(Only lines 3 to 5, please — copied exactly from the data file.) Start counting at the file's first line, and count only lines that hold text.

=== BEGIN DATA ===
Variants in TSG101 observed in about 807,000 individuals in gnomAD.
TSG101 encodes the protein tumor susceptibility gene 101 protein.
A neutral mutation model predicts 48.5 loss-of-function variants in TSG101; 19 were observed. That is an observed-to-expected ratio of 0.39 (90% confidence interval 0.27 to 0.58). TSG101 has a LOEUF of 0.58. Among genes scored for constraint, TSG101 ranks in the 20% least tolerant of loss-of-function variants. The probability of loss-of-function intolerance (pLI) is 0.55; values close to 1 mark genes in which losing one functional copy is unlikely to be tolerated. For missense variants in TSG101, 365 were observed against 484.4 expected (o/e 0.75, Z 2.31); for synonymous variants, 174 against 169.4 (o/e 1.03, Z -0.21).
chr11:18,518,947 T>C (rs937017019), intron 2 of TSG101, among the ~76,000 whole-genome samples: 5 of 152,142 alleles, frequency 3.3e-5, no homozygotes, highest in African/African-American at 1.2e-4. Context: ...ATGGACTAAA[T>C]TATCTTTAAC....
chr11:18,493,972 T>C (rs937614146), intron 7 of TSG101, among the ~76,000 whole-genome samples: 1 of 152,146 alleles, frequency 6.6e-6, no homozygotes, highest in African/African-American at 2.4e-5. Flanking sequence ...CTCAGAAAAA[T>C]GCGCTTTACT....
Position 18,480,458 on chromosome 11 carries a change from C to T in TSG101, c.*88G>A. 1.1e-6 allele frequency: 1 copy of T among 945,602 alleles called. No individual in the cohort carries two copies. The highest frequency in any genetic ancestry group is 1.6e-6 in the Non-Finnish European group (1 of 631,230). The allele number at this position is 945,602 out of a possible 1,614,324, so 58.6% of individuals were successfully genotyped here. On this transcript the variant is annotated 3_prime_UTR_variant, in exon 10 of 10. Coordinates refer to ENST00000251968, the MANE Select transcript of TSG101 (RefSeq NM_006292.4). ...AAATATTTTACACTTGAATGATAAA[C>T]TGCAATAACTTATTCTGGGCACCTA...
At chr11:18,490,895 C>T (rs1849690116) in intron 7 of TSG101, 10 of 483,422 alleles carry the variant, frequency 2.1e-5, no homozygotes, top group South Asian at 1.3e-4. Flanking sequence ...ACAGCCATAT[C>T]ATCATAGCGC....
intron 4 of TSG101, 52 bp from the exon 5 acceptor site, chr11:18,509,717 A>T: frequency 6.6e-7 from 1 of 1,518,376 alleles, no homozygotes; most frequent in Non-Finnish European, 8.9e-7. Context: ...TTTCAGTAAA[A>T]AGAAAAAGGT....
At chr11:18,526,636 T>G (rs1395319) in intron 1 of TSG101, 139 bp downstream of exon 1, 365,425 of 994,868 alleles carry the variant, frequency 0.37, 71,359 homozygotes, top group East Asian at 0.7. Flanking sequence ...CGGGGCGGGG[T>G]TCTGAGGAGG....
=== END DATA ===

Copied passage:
A neutral mutation model predicts 48.5 loss-of-function variants in TSG101; 19 were observed. That is an observed-to-expected ratio of 0.39 (90% confidence interval 0.27 to 0.58). TSG101 has a LOEUF of 0.58. Among genes scored for constraint, TSG101 ranks in the 20% least tolerant of loss-of-function variants. The probability of loss-of-function intolerance (pLI) is 0.55; values close to 1 mark genes in which losing one functional copy is unlikely to be tolerated. For missense variants in TSG101, 365 were observed against 484.4 expected (o/e 0.75, Z 2.31); for synonymous variants, 174 against 169.4 (o/e 1.03, Z -0.21).
chr11:18,518,947 T>C (rs937017019), intron 2 of TSG101, among the ~76,000 whole-genome samples: 5 of 152,142 alleles, frequency 3.3e-5, no homozygotes, highest in African/African-American at 1.2e-4. Context: ...ATGGACTAAA[T>C]TATCTTTAAC....
chr11:18,493,972 T>C (rs937614146), intron 7 of TSG101, among the ~76,000 whole-genome samples: 1 of 152,146 alleles, frequency 6.6e-6, no homozygotes, highest in African/African-American at 2.4e-5. Flanking sequence ...CTCAGAAAAA[T>C]GCGCTTTACT....